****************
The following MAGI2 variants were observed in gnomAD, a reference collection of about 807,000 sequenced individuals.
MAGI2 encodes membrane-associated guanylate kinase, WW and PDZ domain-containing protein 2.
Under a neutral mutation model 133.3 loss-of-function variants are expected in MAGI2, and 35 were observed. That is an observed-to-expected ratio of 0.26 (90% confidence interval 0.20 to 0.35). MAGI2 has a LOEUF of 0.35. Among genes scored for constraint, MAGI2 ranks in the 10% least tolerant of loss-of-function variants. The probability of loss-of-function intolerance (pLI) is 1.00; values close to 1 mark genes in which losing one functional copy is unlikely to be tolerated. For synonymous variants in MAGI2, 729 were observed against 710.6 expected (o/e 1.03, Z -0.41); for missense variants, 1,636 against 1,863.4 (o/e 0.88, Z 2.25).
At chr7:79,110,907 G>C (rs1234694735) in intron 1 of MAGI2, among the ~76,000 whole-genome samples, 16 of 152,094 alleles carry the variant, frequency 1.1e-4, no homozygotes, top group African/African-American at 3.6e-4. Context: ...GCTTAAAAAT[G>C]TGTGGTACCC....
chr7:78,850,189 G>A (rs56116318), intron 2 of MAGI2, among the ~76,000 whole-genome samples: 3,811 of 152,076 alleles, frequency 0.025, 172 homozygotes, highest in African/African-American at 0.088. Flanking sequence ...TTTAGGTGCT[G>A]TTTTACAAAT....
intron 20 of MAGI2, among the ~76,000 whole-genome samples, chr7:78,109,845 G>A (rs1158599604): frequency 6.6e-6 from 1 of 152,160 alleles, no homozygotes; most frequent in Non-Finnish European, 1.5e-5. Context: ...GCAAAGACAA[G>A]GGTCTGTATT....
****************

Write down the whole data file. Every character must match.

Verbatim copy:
The following MAGI2 variants were observed in gnomAD, a reference collection of about 807,000 sequenced individuals.
MAGI2 encodes membrane-associated guanylate kinase, WW and PDZ domain-containing protein 2.
Under a neutral mutation model 133.3 loss-of-function variants are expected in MAGI2, and 35 were observed. That is an observed-to-expected ratio of 0.26 (90% confidence interval 0.20 to 0.35). MAGI2 has a LOEUF of 0.35. Among genes scored for constraint, MAGI2 ranks in the 10% least tolerant of loss-of-function variants. The probability of loss-of-function intolerance (pLI) is 1.00; values close to 1 mark genes in which losing one functional copy is unlikely to be tolerated. For synonymous variants in MAGI2, 729 were observed against 710.6 expected (o/e 1.03, Z -0.41); for missense variants, 1,636 against 1,863.4 (o/e 0.88, Z 2.25).
At chr7:79,110,907 G>C (rs1234694735) in intron 1 of MAGI2, among the ~76,000 whole-genome samples, 16 of 152,094 alleles carry the variant, frequency 1.1e-4, no homozygotes, top group African/African-American at 3.6e-4. Context: ...GCTTAAAAAT[G>C]TGTGGTACCC....
chr7:78,850,189 G>A (rs56116318), intron 2 of MAGI2, among the ~76,000 whole-genome samples: 3,811 of 152,076 alleles, frequency 0.025, 172 homozygotes, highest in African/African-American at 0.088. Flanking sequence ...TTTAGGTGCT[G>A]TTTTACAAAT....
intron 20 of MAGI2, among the ~76,000 whole-genome samples, chr7:78,109,845 G>A (rs1158599604): frequency 6.6e-6 from 1 of 152,160 alleles, no homozygotes; most frequent in Non-Finnish European, 1.5e-5. Context: ...GCAAAGACAA[G>A]GGTCTGTATT....